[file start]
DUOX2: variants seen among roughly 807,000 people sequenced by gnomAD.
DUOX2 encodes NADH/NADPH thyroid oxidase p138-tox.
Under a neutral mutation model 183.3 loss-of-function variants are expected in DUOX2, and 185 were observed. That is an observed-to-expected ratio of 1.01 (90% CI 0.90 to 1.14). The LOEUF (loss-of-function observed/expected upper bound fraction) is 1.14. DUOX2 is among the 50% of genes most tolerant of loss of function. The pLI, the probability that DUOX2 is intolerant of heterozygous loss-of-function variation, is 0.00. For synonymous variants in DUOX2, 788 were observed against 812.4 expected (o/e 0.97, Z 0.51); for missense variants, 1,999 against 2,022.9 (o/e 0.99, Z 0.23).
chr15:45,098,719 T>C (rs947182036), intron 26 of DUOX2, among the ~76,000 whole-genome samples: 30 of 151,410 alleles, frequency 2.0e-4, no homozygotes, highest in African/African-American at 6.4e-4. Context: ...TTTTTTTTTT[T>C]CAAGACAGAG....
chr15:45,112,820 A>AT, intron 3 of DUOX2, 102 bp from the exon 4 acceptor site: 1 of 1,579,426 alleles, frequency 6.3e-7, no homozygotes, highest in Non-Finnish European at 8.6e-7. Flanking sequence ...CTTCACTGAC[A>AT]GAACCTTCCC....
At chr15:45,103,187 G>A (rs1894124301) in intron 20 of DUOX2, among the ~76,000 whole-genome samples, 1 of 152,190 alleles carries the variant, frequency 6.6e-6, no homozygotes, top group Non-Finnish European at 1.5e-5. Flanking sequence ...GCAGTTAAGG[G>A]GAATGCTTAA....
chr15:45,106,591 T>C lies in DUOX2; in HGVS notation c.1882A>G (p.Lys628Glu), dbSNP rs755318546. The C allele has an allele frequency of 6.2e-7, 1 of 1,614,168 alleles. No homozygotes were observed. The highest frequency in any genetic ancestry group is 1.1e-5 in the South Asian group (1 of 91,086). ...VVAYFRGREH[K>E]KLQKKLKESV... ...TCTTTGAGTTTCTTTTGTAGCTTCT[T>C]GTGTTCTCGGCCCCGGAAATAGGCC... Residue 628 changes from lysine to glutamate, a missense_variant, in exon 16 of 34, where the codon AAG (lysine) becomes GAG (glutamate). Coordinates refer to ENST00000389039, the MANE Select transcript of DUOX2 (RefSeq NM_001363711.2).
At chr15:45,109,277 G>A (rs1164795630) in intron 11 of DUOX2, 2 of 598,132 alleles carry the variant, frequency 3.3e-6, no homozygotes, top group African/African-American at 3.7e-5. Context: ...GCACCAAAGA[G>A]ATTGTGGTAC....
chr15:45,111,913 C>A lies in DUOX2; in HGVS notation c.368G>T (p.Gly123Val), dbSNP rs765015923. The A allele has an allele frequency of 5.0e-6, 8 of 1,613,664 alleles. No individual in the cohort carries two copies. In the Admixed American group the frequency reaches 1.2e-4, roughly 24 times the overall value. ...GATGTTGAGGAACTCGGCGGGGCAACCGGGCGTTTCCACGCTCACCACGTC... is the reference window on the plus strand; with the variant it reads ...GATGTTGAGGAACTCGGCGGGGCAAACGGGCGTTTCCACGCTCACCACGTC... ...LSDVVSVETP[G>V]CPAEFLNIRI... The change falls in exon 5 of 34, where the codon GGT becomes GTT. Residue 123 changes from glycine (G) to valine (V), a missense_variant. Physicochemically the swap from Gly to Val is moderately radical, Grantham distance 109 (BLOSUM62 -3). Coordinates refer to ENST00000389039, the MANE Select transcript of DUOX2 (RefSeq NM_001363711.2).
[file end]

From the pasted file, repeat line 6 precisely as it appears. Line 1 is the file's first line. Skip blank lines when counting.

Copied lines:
At chr15:45,103,187 G>A (rs1894124301) in intron 20 of DUOX2, among the ~76,000 whole-genome samples, 1 of 152,190 alleles carries the variant, frequency 6.6e-6, no homozygotes, top group Non-Finnish European at 1.5e-5. Flanking sequence ...GCAGTTAAGG[G>A]GAATGCTTAA....